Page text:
The decision coming down from the Supreme Court that took away federal protection for the right to abortion has made us acutely aware that sex is fundamentally how human beings procreate, i.e., reproduce ourselves. Since the Dobbs ruling at least 15 states now ban abortion outright or within a few weeks of conception.11

A recent survey by a national health organization reports that since Dobbs, the management of pregnancy-related medical emergencies has been worse, pregnancy-related mortality has increased, there has been a in requests for sterilization, and doctors' jobs are more difficult and legally perilous, leading to worse outcomes for women.12

While sex ‘exists’ because of its evolutionary role in reproduction, it is also pursued, unobjectionably, for sheer physical pleasure.13 However, the outcome of and accountability for having babies or not having babies falls more heavily on women.

Where We Want to Go: Forming Sexual Partnerships

We can start thinking about men and women having sex for pleasure and/or reproduction in the context of a partnership. Let’s look at what a partnership is in contrast to what a transaction is and what a relationship is. Here’s how Wendy Appel, an organizational consultant with a background in social and cultural anthropology, defines these concepts.14

In a transaction, sex is a one-and-done event or a series of such one-and-done interactions. In a transaction, there is no commitment to each other’s satisfaction or happiness—it is fundamentally a self-interested activity for both people.

A relationship can be described as an ongoing connection that does not require a commitment. Each person in a relationship may have their own expectations of what the relationship means to them sexually, which may not be shared. Breakdowns in the relationship may occur when expectations are not met by either person.

In a partnership, you cooperate with your partner to have sex whether is for pleasure and/or reproduction. You are both interested in your partner’s experience—both self-interested and other-interested.

Partnered sex is negotiated sex. Negotiating sex in a truly partnered sexual encounter is an exploration of what each of you wants each time you have sex. Do you want sex for pleasure? Do you want sex as an intimate relationship encounter? Do you want sex because you are anxious? Do you want sex because you adore your partner? Do you want sex to make a baby?

Having sex is also about whether someone does or doesn’t want to perform a particular sex act. Specific sex acts are also to be negotiated. This is how to achieve mutual consent for the kinds of sex you prefer to have.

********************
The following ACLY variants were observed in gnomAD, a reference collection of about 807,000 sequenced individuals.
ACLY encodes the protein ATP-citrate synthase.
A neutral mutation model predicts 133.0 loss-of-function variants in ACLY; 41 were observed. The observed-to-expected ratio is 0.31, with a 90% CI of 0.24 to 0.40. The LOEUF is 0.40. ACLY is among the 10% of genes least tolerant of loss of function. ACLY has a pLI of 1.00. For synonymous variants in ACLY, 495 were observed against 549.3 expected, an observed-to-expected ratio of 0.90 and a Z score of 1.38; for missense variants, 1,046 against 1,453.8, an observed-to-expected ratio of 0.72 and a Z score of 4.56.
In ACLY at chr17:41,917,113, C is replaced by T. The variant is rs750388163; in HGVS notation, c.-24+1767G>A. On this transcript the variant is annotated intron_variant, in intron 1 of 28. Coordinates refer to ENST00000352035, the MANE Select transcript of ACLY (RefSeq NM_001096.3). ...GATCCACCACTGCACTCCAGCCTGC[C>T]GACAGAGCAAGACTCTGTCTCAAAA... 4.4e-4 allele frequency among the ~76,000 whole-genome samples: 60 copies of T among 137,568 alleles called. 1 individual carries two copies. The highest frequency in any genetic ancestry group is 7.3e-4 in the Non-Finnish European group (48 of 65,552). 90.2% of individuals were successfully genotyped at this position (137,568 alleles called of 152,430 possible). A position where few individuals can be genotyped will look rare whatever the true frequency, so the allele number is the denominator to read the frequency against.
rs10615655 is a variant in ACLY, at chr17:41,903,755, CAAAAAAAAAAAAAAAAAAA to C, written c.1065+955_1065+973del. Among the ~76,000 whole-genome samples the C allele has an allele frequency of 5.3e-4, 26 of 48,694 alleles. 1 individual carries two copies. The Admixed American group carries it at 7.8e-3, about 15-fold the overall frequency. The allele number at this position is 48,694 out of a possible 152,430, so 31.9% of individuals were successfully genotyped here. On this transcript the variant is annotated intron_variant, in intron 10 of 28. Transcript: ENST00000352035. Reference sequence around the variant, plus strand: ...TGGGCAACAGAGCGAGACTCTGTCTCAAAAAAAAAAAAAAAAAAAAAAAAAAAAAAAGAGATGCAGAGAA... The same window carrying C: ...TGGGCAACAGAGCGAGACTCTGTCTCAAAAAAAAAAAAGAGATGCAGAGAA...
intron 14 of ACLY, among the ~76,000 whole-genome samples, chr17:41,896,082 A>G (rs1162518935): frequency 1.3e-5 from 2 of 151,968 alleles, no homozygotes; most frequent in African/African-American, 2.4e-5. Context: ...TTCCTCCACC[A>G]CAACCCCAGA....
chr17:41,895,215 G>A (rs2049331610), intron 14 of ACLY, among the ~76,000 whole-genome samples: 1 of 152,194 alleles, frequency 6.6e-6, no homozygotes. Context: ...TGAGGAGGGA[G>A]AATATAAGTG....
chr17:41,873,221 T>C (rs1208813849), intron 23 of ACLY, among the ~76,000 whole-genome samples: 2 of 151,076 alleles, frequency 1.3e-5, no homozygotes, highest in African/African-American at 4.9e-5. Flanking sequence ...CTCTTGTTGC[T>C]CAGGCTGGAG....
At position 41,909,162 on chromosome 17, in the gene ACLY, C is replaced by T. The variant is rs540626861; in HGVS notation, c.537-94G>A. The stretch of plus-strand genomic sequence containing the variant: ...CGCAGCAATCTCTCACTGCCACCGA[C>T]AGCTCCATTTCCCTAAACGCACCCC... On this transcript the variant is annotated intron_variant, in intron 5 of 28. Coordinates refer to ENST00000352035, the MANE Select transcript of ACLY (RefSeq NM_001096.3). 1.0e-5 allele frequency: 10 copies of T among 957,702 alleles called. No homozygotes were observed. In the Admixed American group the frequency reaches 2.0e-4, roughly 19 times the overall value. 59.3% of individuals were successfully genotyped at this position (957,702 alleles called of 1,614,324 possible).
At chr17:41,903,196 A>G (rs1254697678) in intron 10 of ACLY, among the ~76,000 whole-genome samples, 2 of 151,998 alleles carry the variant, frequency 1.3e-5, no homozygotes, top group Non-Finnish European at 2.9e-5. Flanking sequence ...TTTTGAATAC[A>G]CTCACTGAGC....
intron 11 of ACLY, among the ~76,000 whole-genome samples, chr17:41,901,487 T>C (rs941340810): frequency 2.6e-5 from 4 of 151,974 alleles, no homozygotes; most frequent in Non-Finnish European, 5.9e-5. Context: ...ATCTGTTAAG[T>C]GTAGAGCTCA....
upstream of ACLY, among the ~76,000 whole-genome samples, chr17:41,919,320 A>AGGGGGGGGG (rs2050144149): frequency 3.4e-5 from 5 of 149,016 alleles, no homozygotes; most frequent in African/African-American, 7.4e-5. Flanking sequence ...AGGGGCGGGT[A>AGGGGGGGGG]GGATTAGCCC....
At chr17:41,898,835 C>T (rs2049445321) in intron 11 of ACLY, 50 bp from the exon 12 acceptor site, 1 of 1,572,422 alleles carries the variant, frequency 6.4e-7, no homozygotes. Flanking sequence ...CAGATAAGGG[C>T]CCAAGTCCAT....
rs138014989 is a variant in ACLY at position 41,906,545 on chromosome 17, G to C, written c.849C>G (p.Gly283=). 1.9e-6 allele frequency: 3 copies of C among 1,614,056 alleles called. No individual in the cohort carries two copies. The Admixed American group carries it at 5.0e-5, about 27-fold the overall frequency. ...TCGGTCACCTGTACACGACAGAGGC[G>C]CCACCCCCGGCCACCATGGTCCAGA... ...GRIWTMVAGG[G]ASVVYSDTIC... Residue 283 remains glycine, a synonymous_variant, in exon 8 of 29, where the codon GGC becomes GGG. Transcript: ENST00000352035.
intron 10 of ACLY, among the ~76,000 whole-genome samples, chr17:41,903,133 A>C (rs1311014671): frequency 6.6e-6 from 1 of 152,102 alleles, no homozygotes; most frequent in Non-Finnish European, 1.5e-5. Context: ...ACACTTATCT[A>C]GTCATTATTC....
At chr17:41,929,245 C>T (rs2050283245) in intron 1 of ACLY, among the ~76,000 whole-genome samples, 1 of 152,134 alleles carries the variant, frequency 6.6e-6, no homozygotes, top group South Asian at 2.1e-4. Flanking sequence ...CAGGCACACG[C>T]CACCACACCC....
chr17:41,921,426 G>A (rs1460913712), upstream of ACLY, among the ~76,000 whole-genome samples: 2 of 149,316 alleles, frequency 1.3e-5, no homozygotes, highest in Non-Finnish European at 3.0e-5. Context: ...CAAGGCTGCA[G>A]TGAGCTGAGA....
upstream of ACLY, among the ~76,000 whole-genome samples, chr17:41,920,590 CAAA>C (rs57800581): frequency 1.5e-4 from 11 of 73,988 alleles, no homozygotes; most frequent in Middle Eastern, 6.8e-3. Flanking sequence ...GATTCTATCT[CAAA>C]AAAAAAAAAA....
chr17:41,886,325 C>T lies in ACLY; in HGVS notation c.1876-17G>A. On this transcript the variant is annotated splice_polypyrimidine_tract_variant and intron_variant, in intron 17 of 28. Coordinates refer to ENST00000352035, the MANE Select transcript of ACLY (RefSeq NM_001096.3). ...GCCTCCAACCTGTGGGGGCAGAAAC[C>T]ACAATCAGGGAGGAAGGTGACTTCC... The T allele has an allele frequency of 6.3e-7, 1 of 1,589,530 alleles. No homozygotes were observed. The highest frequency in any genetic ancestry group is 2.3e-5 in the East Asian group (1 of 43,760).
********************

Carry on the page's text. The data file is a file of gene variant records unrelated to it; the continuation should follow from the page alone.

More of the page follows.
Appel’s description of a partnership implies that commitment is a defining characteristic of a partnership. This suggests that we are concerned about our partner’s experience only if there is a long-term commitment. This need not be the case. We can expand the benefits of ‘partnership’ to all our sexual activities. We achieve this by:

  • Being knowledgeable about current ideas of male and female sexuality.
  • Being willing to negotiate all aspects of our sexual encounters.
  • Being willing to be accountable for the outcomes of our sexual encounters.
  • Being aware that both men and women are responsible for the unintended consequences of our sexual activities.
  • Being aware that one unintended consequence of sex can be a pregnancy.

As we go forward in the 21st century, let’s decide that whether we are engaging in sex that is for pleasure and/or procreation, we are interested both in our own experience and the experience of our partner. We are interested in the outcome of our sexual activity for both partners. And we understand that both men and women are fully accountable for their sexual activities.


1. Moore, J.G. “Is Sex Ultimately for Reproduction or Pleasure?” Ask Philosophers. November 10, 2005.

2. Finkel, J.J., E.O. Cheung L.F. Emery, K.L. Carswell, and G.M. Larson. (2015) “The Suffocation Moel: Why Marriage in America is Becoming and All or Nothing Institution.” Current Directions in Psychological Science. DOI10.1177/

3. Cherry, K. “Understanding Social Exchange Theory in Psychology. Verywell Mind. May 8, 2023.

4. Wallach, M.A. and L. Wallach. Psychology’s Sanction for Selfishness: The Error of Egoism in Theory and Therapy. San Francisco: W.H. Freeman 1983.

5. Chivers, M.S. and L.A. Brotto. (2017). Controversies of Women’s Sexual Arousal and Desires.” European Psychologist. 22(1), 5-26.

6. Mintz, L. “The Orgasm Gap and Why Women Climax Less then Men. The Conversation. August 15, 2023.

7. Chivers and Brotto

8. Aronowitz, N.W. “The Feminist Pursuit of Good Sex.”The New York Times. February 16, 2018.

9. Gillman, S. “It’s Not About Babies, It’s About Sex.” The Good Men Project. July 7, 2022.

10. Bellware, K. and E. Guskin. “Effects of Dobbs on Maternal Health Care Overwhelmingly Negative, Survey Shows.” The Washington Post. June 21, 2023.

11. Bellware and Guskin.

12. Ask Philosophers.

13. Appel, W. “Want Success? Know the Difference Between Relationship and Partnership.” Forbes. September 27, 2017.